When visiting the grocery store, or ordering take out, it’s easy to occasionally take where our food is sourced for granted. One solution to help appreciate our food, as well as its nutritional benefits, can be by starting a garden. However, this can be easier said than done, as not everyone has a natural green thumb, and may not even know where to begin. Additionally, an arid climate such as Las Vegas presents its own set of challenges when trying to grow fruits and vegetables.
In order to learn more about how to best approach gardening, LGA Architecture recently hosted Bryan Vellinga and Vanessa Portillo of Garden Farms of Nevada during our most recent Fireside Chat to learn some tips about gardening in the desert. Here are three of our favorites:
Gardening can lead to both mental and physical health benefits
Although much of the focus on the health benefits provided by gardening is on the physical side, the mental health benefits may be just as important. Gardening can be relaxing and therapeutic. During the pandemic, a big question for people became: “what can I do outside around my house to foster sound mental health?” This led to the adoption of many new hobbies, with gardening being a prominent one. Gardening allows one to spend time outdoors in the fresh air and sunlight in a way that is both fun and engaging. For families, this can also be a great way to get kids excited about being outdoors while also providing an educational element. The delicious fruits and vegetables you get are just a bonus!
A lack of water doesn’t mean you can’t grow edible plants
It’s no secret that we’re in a drought. To help combat this, water saving methods such as drip irrigation, the most water conscious type of irrigation, can be quite helpful. Additionally, many drought-resistant crops produce edible elements that require the same amount of water as an ornamental garden. Why not use a similar amount of water to grow plants you can eat that still look beautiful? You can have the best of both worlds! Many plants such as the desert willow, agave, and honey mesquite all have parts that can be eaten. Garden Farms of Nevada were kind enough to share their entire list of edible plants, which can be found here. Feel free to browse it and see how many of these plants you’ve spotted around town.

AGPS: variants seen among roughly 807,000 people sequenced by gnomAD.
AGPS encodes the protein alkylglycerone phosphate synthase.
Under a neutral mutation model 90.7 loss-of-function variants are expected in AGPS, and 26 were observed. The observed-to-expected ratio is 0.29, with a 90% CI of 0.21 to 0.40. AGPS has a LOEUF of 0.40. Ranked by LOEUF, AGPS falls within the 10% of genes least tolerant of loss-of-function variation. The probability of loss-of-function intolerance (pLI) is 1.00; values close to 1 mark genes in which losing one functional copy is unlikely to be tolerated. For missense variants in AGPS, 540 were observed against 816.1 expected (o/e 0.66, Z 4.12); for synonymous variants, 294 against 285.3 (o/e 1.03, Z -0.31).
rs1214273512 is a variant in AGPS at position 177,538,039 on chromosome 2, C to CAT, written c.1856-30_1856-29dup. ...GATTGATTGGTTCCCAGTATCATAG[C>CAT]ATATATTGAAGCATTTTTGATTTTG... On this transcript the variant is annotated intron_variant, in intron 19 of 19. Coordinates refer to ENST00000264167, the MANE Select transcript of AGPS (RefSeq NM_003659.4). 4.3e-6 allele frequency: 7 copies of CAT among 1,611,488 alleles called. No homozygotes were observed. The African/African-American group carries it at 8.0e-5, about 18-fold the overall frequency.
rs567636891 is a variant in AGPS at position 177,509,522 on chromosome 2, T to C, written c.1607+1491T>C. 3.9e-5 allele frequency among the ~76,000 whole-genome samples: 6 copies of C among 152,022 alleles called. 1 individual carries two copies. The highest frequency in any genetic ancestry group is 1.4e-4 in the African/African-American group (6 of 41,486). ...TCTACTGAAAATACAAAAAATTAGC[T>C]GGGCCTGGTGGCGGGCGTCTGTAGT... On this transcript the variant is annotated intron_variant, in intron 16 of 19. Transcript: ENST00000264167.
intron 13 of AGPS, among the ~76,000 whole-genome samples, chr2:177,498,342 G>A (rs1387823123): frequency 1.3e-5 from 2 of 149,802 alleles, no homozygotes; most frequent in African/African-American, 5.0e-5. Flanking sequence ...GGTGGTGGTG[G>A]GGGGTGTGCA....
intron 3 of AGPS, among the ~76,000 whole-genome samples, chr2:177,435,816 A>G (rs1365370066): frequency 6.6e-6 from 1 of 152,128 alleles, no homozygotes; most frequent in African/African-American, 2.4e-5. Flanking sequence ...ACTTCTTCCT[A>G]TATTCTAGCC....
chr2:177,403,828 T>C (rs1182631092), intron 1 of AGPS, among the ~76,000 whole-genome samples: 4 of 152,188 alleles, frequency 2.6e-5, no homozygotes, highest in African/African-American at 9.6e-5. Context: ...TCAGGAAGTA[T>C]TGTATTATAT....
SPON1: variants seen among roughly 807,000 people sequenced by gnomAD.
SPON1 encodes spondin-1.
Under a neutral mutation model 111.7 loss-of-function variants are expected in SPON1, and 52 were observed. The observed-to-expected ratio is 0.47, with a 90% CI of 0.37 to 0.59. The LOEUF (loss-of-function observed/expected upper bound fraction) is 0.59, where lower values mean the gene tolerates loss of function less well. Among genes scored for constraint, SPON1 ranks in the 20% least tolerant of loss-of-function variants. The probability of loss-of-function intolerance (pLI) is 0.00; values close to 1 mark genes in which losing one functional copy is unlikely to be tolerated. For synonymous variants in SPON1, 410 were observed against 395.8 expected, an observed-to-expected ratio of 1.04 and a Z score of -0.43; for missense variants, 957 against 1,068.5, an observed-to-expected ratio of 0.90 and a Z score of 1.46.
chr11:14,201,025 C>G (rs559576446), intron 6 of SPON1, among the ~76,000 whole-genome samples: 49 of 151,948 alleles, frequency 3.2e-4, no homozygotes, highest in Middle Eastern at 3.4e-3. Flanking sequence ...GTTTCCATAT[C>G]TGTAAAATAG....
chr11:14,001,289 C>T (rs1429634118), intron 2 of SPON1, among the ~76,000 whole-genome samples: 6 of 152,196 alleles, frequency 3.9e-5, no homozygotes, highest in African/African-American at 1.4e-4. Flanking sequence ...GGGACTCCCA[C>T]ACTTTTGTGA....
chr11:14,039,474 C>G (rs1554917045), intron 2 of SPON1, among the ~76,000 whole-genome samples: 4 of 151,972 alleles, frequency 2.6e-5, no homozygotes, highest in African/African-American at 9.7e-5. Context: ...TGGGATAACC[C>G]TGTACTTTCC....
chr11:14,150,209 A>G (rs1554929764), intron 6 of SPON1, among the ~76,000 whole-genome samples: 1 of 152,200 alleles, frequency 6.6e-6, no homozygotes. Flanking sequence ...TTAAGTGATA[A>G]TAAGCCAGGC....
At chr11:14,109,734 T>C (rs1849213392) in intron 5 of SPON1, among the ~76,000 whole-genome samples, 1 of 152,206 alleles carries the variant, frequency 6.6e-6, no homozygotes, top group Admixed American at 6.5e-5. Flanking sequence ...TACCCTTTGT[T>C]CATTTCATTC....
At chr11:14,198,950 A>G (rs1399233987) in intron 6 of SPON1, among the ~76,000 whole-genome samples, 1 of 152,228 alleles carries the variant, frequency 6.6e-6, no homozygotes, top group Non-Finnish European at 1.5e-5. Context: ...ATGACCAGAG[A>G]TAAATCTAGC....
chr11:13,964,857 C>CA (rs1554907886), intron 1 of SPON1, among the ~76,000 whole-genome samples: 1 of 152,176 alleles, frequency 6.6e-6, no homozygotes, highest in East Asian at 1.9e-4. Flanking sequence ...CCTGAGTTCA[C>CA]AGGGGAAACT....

Tailor your garden to the resources you have available
For those who don’t have a backyard, and may need to garden within the confines of their home or on a balcony, alternate methods to traditional gardening may be used. Grow bags, which are large, fabric-like bags that can be moved around, are one such method. Aeroponics is another way to garden that has gained popularity in recent years. Aeroponic systems allow plant roots to sit in the air, where they are misted with water and nutrients. Hydroponic gardening, in which the plants are grown in water, is an option as well. However, this method may not be ideal for the home gardener due to the amount of power it uses. Taking advantage of lighting is another way to maximize your chances of gardening successfully. Some plants love the shade while some love the sunlight. It’s all about planning out your approach to your space and preferences. Additionally, some neighborhoods have community garden spaces.
These are just a few of the gardening tips shared during our Fireside Chat. To check out the larger conversation, and all the valuable information shared, see the recording on LGA’s YouTube channel. Until next time, grow forth and prosper!